Write to Dr Ellie
Do you have a question for Dr Ellie Cannon? Email DrEllie@mailonsunday.co.uk
Dr Cannon cannot enter into personal correspondence and her replies should be taken in a general context.
When cholesterol measures above five, it is considered high. So 8.9 is incredibly high. In fact, it is likely that patients with cholesterol at this level have an inherited type of high cholesterol – hypercholesterolaemia. This runs in families with a history of early heart attacks.
Treatment is needed to remove this risk. Doctors will even test children because the condition is so serious.
Patients with cholesterol this high need to be aware of other factors that can cause heart disease, such as high blood pressure, smoking and obesity. But steps can be taken to reduce the impact of these risks.
It is perfectly legitimate to ask a pharmacist for help with a condition such as this. In this case, the aim of the treatment would be to halve low-density lipoprotein cholesterol (LDL) – also known as ‘bad’ cholesterol.
Doctors can prescribe statins or ezetimibe for this. If neither works, or brings with it bad side effects, other options could be prescribed in a hospital cholesterol clinic. This would include drugs such as a fibrate or new types of injections.
Both ezetimibe and statins cause fewer cramps than people think. It is more likely that there is another cause.
Try not to assume a drug is causing a certain side effect, as you could end up limiting treatment options unnecessarily.
What would you like to know about the menopause?
A third of the UK female population is either peri-menopausal or menopausal (stock photo)
Last week I asked you to tell me which areas of women’s health you would want The Mail on Sunday to explore in an upcoming special edition, in which we’ll enlist a panel of top experts from a range of specialisms to offer advice.
We’ve already had a flood of requests – and one of the most popular is about the menopause. It isn’t surprising, given that a third of the UK female population is either peri-menopausal or menopausal. There’s been a recent explosion in interest in menopausal health, but I worry that the quantity of information – not all reliable – can be overwhelming.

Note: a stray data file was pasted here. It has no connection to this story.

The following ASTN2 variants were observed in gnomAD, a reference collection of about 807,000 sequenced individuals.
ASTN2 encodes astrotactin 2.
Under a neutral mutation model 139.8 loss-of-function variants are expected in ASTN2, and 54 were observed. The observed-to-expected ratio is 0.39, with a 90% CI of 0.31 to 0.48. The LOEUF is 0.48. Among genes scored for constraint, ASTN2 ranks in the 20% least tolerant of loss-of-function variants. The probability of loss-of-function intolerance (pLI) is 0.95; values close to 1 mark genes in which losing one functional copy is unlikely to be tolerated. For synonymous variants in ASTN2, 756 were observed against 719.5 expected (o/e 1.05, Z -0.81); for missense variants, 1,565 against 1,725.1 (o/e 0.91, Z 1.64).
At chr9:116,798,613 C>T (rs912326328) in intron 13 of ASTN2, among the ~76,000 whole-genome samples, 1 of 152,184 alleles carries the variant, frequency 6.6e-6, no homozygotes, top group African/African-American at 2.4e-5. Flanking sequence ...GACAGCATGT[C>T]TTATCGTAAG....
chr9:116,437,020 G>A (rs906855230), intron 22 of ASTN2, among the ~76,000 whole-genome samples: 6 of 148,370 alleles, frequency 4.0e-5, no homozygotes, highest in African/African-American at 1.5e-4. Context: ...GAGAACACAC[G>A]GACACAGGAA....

So we want you to tell us exactly what you want to know about the menopause. Are you confused about which type of HRT to take, or whether you should take it at all? Perhaps you’re interested in finding out if your health troubles are hormone-related, or whether it may be something else.
Whatever it is, write and tell me at the email address here: DrEllie@mailonsunday.co.uk
JVT is not your vaccine villain
Former Deputy Chief Medical Officer Jonathan Van-Tam was Dr Ellie Cannon’s favourite speaker during the daily Covid press conferences
I was totally star-struck at an event last week when I spotted former Deputy Chief Medical Officer Jonathan Van-Tam.
JVT, as he became known, was always my favourite speaker during the daily Covid press conferences – communicating complex science to the public in a way that was simple and even entertaining.
We chatted away for a while, mostly about football, but he also told me something very upsetting. This kind, brilliant man regularly receives nasty, abusive threats from anti-vaxxers who say he ‘pushed the vaccine’ on the country. There’s been times he’s even had to get the police involved.
There’s a lot of anger about how the Government handled the pandemic, but attacking the scientists who led us out of it is a total misfire, not to mention cruel. We have a lot to thank JVT for.